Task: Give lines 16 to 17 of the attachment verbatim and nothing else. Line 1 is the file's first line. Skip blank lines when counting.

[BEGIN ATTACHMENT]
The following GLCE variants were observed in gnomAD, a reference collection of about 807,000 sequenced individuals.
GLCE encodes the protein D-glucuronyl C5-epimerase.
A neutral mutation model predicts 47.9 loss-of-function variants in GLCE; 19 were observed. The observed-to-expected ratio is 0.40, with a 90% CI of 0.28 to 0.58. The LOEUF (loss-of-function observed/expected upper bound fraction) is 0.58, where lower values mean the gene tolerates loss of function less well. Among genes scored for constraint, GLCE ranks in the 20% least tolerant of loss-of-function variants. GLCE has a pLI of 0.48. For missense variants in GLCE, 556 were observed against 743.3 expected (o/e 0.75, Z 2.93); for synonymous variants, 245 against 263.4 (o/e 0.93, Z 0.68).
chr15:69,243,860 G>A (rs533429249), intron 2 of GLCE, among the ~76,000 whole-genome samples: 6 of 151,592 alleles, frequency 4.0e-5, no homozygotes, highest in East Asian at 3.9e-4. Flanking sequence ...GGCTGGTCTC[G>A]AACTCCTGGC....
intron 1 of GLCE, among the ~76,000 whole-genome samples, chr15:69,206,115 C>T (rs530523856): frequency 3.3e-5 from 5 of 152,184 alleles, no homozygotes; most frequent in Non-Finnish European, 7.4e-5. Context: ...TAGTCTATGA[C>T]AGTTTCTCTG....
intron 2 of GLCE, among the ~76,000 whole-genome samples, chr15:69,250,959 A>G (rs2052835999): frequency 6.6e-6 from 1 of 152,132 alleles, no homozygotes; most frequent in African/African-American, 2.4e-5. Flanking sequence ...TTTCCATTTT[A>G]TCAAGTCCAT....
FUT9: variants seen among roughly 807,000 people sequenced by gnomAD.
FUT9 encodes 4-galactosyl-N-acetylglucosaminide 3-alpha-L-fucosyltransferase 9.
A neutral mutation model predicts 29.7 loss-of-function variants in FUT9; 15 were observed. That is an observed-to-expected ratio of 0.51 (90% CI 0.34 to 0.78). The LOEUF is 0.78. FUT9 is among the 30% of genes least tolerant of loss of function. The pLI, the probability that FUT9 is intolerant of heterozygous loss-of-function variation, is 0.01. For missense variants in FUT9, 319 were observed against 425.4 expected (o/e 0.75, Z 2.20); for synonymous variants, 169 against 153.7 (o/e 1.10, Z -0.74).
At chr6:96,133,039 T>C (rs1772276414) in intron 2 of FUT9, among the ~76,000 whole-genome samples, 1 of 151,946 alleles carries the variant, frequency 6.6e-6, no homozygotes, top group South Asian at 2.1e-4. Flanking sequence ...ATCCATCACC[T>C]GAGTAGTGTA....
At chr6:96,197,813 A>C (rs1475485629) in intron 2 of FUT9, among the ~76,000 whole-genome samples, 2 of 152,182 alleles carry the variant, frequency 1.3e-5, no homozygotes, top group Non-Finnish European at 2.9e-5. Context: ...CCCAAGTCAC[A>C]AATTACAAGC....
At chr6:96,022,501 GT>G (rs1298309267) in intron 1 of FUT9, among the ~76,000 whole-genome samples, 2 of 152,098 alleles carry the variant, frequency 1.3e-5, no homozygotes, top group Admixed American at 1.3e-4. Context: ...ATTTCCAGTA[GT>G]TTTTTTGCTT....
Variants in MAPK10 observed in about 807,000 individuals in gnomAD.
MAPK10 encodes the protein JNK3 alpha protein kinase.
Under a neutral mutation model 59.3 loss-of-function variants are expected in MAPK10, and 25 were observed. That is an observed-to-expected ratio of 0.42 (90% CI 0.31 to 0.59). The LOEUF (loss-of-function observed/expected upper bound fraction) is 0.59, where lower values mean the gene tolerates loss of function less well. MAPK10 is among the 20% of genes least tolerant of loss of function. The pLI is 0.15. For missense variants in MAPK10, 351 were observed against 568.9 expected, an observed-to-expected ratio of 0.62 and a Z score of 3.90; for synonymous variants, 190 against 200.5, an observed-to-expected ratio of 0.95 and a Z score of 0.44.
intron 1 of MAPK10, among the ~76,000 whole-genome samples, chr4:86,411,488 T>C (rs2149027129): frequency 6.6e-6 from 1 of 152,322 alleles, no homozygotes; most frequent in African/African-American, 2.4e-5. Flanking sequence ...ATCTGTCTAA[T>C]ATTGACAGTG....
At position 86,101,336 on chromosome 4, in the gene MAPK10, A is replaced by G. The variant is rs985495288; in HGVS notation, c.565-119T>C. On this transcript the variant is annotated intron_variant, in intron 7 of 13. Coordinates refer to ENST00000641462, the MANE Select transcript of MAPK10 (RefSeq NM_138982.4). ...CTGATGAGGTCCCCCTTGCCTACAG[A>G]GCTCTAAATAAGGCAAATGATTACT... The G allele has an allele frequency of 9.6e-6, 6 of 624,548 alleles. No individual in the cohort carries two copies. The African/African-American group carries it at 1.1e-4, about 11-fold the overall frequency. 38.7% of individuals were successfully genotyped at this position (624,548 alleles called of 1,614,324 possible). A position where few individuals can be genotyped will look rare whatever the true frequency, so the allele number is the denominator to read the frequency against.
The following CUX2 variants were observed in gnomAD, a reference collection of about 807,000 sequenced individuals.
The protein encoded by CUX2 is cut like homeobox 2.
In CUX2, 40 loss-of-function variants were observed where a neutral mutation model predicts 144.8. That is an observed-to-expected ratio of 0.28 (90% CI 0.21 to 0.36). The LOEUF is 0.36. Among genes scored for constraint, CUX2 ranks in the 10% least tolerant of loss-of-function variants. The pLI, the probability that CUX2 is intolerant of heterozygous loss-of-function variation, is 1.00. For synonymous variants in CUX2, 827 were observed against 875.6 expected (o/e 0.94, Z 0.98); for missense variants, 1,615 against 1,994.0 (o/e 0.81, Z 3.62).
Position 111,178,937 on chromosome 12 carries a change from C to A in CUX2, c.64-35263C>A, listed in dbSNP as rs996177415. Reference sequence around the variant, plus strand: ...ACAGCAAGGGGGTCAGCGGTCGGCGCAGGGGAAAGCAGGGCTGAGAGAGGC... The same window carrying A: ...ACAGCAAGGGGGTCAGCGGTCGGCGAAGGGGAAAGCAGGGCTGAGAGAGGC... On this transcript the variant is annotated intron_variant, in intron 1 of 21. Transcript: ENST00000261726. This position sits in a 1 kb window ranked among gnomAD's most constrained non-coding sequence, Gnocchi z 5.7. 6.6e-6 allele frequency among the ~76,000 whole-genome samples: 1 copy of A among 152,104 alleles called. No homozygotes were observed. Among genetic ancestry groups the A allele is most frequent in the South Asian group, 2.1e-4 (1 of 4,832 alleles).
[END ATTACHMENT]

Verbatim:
intron 1 of MAPK10, among the ~76,000 whole-genome samples, chr4:86,411,488 T>C (rs2149027129): frequency 6.6e-6 from 1 of 152,322 alleles, no homozygotes; most frequent in African/African-American, 2.4e-5. Flanking sequence ...ATCTGTCTAA[T>C]ATTGACAGTG....
At position 86,101,336 on chromosome 4, in the gene MAPK10, A is replaced by G. The variant is rs985495288; in HGVS notation, c.565-119T>C. On this transcript the variant is annotated intron_variant, in intron 7 of 13. Coordinates refer to ENST00000641462, the MANE Select transcript of MAPK10 (RefSeq NM_138982.4). ...CTGATGAGGTCCCCCTTGCCTACAG[A>G]GCTCTAAATAAGGCAAATGATTACT... The G allele has an allele frequency of 9.6e-6, 6 of 624,548 alleles. No individual in the cohort carries two copies. The African/African-American group carries it at 1.1e-4, about 11-fold the overall frequency. 38.7% of individuals were successfully genotyped at this position (624,548 alleles called of 1,614,324 possible). A position where few individuals can be genotyped will look rare whatever the true frequency, so the allele number is the denominator to read the frequency against.